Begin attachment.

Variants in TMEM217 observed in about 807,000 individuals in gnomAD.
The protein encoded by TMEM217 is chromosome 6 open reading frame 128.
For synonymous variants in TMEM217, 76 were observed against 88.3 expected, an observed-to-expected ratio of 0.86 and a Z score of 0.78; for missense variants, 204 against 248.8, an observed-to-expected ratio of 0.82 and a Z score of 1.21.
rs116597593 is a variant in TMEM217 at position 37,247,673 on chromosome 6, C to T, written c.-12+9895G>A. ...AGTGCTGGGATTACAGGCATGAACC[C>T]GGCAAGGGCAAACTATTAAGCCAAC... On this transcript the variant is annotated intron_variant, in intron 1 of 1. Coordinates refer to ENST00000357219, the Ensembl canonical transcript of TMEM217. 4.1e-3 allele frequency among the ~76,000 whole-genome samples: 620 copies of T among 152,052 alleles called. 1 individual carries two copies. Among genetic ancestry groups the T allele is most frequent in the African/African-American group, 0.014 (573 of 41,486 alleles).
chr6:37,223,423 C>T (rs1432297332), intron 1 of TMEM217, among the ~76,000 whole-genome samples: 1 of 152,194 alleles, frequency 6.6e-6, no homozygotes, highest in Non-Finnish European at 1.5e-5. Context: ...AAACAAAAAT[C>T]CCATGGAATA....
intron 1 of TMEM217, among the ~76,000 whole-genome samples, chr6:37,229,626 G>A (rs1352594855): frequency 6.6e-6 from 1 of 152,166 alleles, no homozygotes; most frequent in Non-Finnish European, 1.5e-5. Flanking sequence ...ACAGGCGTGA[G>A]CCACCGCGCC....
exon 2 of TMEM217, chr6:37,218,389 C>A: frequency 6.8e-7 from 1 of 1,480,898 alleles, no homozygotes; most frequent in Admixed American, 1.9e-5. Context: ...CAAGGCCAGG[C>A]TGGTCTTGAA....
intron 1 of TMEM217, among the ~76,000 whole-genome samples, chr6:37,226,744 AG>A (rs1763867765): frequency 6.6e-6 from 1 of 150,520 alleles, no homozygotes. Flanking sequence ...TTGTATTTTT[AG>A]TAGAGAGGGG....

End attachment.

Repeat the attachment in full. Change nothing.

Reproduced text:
Variants in TMEM217 observed in about 807,000 individuals in gnomAD.
The protein encoded by TMEM217 is chromosome 6 open reading frame 128.
For synonymous variants in TMEM217, 76 were observed against 88.3 expected, an observed-to-expected ratio of 0.86 and a Z score of 0.78; for missense variants, 204 against 248.8, an observed-to-expected ratio of 0.82 and a Z score of 1.21.
rs116597593 is a variant in TMEM217 at position 37,247,673 on chromosome 6, C to T, written c.-12+9895G>A. ...AGTGCTGGGATTACAGGCATGAACC[C>T]GGCAAGGGCAAACTATTAAGCCAAC... On this transcript the variant is annotated intron_variant, in intron 1 of 1. Coordinates refer to ENST00000357219, the Ensembl canonical transcript of TMEM217. 4.1e-3 allele frequency among the ~76,000 whole-genome samples: 620 copies of T among 152,052 alleles called. 1 individual carries two copies. Among genetic ancestry groups the T allele is most frequent in the African/African-American group, 0.014 (573 of 41,486 alleles).
chr6:37,223,423 C>T (rs1432297332), intron 1 of TMEM217, among the ~76,000 whole-genome samples: 1 of 152,194 alleles, frequency 6.6e-6, no homozygotes, highest in Non-Finnish European at 1.5e-5. Context: ...AAACAAAAAT[C>T]CCATGGAATA....
intron 1 of TMEM217, among the ~76,000 whole-genome samples, chr6:37,229,626 G>A (rs1352594855): frequency 6.6e-6 from 1 of 152,166 alleles, no homozygotes; most frequent in Non-Finnish European, 1.5e-5. Flanking sequence ...ACAGGCGTGA[G>A]CCACCGCGCC....
exon 2 of TMEM217, chr6:37,218,389 C>A: frequency 6.8e-7 from 1 of 1,480,898 alleles, no homozygotes; most frequent in Admixed American, 1.9e-5. Context: ...CAAGGCCAGG[C>A]TGGTCTTGAA....
intron 1 of TMEM217, among the ~76,000 whole-genome samples, chr6:37,226,744 AG>A (rs1763867765): frequency 6.6e-6 from 1 of 150,520 alleles, no homozygotes. Flanking sequence ...TTGTATTTTT[AG>A]TAGAGAGGGG....